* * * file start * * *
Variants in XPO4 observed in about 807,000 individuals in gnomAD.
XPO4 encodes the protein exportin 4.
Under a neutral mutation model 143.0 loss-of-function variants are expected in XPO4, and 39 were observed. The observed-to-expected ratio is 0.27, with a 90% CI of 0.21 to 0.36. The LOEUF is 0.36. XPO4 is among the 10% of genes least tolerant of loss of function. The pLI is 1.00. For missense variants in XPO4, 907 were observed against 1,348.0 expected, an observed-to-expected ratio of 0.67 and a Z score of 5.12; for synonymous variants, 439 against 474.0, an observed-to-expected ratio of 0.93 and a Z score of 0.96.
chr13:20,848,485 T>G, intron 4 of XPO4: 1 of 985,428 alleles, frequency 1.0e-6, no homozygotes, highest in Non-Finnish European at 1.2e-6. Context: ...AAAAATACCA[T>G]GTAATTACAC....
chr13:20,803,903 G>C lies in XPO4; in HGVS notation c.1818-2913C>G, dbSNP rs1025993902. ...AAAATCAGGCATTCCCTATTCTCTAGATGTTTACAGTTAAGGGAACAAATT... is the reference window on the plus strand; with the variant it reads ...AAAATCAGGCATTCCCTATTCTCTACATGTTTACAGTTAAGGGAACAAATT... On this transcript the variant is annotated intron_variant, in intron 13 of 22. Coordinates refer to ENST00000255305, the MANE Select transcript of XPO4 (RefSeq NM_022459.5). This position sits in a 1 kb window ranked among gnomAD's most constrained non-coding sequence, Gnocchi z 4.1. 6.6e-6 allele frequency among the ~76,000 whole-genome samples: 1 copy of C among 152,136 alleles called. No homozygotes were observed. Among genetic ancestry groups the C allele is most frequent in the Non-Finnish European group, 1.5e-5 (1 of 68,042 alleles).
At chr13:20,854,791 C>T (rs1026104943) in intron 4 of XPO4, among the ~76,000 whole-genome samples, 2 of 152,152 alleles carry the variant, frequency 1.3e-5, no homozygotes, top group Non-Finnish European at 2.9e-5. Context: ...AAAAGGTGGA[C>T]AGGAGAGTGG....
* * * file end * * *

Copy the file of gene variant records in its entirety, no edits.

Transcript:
Variants in XPO4 observed in about 807,000 individuals in gnomAD.
XPO4 encodes the protein exportin 4.
Under a neutral mutation model 143.0 loss-of-function variants are expected in XPO4, and 39 were observed. The observed-to-expected ratio is 0.27, with a 90% CI of 0.21 to 0.36. The LOEUF is 0.36. XPO4 is among the 10% of genes least tolerant of loss of function. The pLI is 1.00. For missense variants in XPO4, 907 were observed against 1,348.0 expected, an observed-to-expected ratio of 0.67 and a Z score of 5.12; for synonymous variants, 439 against 474.0, an observed-to-expected ratio of 0.93 and a Z score of 0.96.
chr13:20,848,485 T>G, intron 4 of XPO4: 1 of 985,428 alleles, frequency 1.0e-6, no homozygotes, highest in Non-Finnish European at 1.2e-6. Context: ...AAAAATACCA[T>G]GTAATTACAC....
chr13:20,803,903 G>C lies in XPO4; in HGVS notation c.1818-2913C>G, dbSNP rs1025993902. ...AAAATCAGGCATTCCCTATTCTCTAGATGTTTACAGTTAAGGGAACAAATT... is the reference window on the plus strand; with the variant it reads ...AAAATCAGGCATTCCCTATTCTCTACATGTTTACAGTTAAGGGAACAAATT... On this transcript the variant is annotated intron_variant, in intron 13 of 22. Coordinates refer to ENST00000255305, the MANE Select transcript of XPO4 (RefSeq NM_022459.5). This position sits in a 1 kb window ranked among gnomAD's most constrained non-coding sequence, Gnocchi z 4.1. 6.6e-6 allele frequency among the ~76,000 whole-genome samples: 1 copy of C among 152,136 alleles called. No homozygotes were observed. Among genetic ancestry groups the C allele is most frequent in the Non-Finnish European group, 1.5e-5 (1 of 68,042 alleles).
At chr13:20,854,791 C>T (rs1026104943) in intron 4 of XPO4, among the ~76,000 whole-genome samples, 2 of 152,152 alleles carry the variant, frequency 1.3e-5, no homozygotes, top group Non-Finnish European at 2.9e-5. Context: ...AAAAGGTGGA[C>T]AGGAGAGTGG....